In a quest to improve performance as well as fuel economy, Land Rover has introduced an all-new Range Rover Sport that is as much as 700 pounds lighter than its predecessor and available with a supercharged V-6.
By TOM STRONGMAN
The Sport is one model below the top Range Rover and they both share the same all-aluminum chassis architecture. Less weight means enhanced agility.
The 340-horsepower V-6 is a thoroughly pleasant engine. The supercharger delivers low-speed torque for acceleration that feels almost like a V-8 yet it is less thirsty. Fuel mileage is rated at 17 miles per gallon in the city and 23 on the highway, while the optional supercharged V-8 is rated at 14 in the city and 19 on the highway. An eight-speed automatic transmission is standard with either engine.
The Land Rover company has been building vehicles since 1948, and rugged off-road capability is one of its trademarks. It’s interesting that technical specifications list the Sport’s “wading depth” as 33.5 inches. There aren’t many SUVs around that can brag of such deep-water capabilities, but that says a lot about the Range Rover’s DNA. While I’m sure few Sport owners will plunge their vehicle into waist deep water or crawl over boulders, the fact that they can is part of the vehicle’s appeal. I suspect most owners will be content to protect their investment by confining their off-road adventures to gravel roads or pasture tracks.
For those who want to experience what a Range Rover can do, Land Rover has four U.S. off-road driving schools where owners can learn to handle their vehicles under the tutelage of professional off-road driving instructors.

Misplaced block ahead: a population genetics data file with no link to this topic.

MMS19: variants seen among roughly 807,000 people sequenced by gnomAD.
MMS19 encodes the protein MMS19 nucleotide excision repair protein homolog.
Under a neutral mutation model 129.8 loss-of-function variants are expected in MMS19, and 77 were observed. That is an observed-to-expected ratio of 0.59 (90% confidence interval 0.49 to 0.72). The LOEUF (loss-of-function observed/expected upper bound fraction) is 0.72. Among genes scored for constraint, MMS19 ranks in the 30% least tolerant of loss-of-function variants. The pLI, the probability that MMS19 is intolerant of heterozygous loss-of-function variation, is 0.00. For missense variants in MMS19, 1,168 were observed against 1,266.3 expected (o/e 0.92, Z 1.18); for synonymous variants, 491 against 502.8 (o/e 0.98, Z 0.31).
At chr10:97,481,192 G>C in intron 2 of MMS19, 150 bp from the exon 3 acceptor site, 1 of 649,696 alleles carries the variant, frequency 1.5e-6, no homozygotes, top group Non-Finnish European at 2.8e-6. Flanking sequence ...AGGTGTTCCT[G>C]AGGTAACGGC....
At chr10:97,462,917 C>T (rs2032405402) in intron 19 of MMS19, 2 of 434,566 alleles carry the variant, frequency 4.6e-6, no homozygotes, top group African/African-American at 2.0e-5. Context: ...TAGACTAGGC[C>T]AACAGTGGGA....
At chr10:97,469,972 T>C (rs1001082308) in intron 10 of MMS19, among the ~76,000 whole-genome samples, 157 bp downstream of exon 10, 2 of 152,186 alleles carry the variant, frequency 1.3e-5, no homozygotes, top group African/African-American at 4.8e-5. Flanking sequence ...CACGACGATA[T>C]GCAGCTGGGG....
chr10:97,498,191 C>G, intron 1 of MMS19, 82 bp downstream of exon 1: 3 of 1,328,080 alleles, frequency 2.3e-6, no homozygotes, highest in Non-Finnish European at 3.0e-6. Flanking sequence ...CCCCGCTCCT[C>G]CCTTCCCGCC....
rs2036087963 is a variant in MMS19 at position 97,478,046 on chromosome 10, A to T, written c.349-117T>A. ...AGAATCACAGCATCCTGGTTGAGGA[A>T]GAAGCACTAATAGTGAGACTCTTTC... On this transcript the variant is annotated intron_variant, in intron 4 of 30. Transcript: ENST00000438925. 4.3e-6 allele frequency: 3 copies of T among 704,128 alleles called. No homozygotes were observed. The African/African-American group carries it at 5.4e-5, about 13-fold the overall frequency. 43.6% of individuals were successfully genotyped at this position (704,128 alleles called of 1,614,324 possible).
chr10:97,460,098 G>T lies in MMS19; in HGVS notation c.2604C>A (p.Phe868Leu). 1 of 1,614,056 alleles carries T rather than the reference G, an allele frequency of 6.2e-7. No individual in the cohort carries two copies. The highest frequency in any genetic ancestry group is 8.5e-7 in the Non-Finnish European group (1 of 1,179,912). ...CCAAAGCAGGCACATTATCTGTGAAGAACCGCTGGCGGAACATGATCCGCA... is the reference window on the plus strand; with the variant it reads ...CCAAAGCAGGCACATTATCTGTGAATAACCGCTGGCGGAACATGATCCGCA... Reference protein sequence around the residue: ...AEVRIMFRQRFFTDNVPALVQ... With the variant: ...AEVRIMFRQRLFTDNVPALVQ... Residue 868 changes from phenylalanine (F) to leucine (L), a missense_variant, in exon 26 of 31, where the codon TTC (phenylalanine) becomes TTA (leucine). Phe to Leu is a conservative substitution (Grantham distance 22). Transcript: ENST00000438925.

The base Sport starts at $62,600. The well-optioned test vehicle from Land Rover’s press fleet had a sticker price of $76,680. That’s about $15,000 less than the Range Rover I drove earlier in the year.
What accounts for the lower price? The V-6, for one thing, and the standard four-wheel-drive system on the base Sport does not have an extra low range. A two-speed transfer case is optional.
The electronic air suspension delivers a ride that is soft at low speeds and firmer at high speeds. It also allows the vehicle to be raised for rough going and lowered for easier entry when parked.
The styling of the five-passenger Sport bears a strong visual resemblance to the Range Rover and has hints of the Evoque’s low roofline. The 115.1-inch wheelbase is similar in size to that of the Ford Explorer. An optional third seat folds into the floor. Press materials explain that the seat is for “occasional” use, which usually means children or small adults.
The Sport’s interior may not be quite as lavish as the range-topping model, but it still is plush and luxurious. High-quality materials are used throughout, and the leather seats were soft and inviting. Satin chrome accents are used throughout. The test car’s almost-white upholstery would show dirt in no time.
The instrument panel and center console have fewer switches and a cleaner look. The LCD touch screen for audio and navigation continues to have a menu system that seems confusing to me. It’s true that you learn it in time, but a more intuitive system would be welcome.
The Terrain Response System, controlled by a dial on the console, optimizes a host of chassis and powertrain settings for snow, mud, sand and extreme rock crawling. It also controls speed on steep descents.
The base price of the test vehicle was $62,600. Options included the HSE package (Oxford leather, panoramic sunroof, 20-inch wheels, fog lamps and wood trim), adaptive cruise control, black roof, satellite radio, two-speed transfer case, heated and cooled front seats, heated rear seats, blind spot monitor, surround-view camera and park assist. The sticker price was $76,680.
Four years or 50,000 miles.
Tom Strongman’s e-mail is firstname.lastname@example.org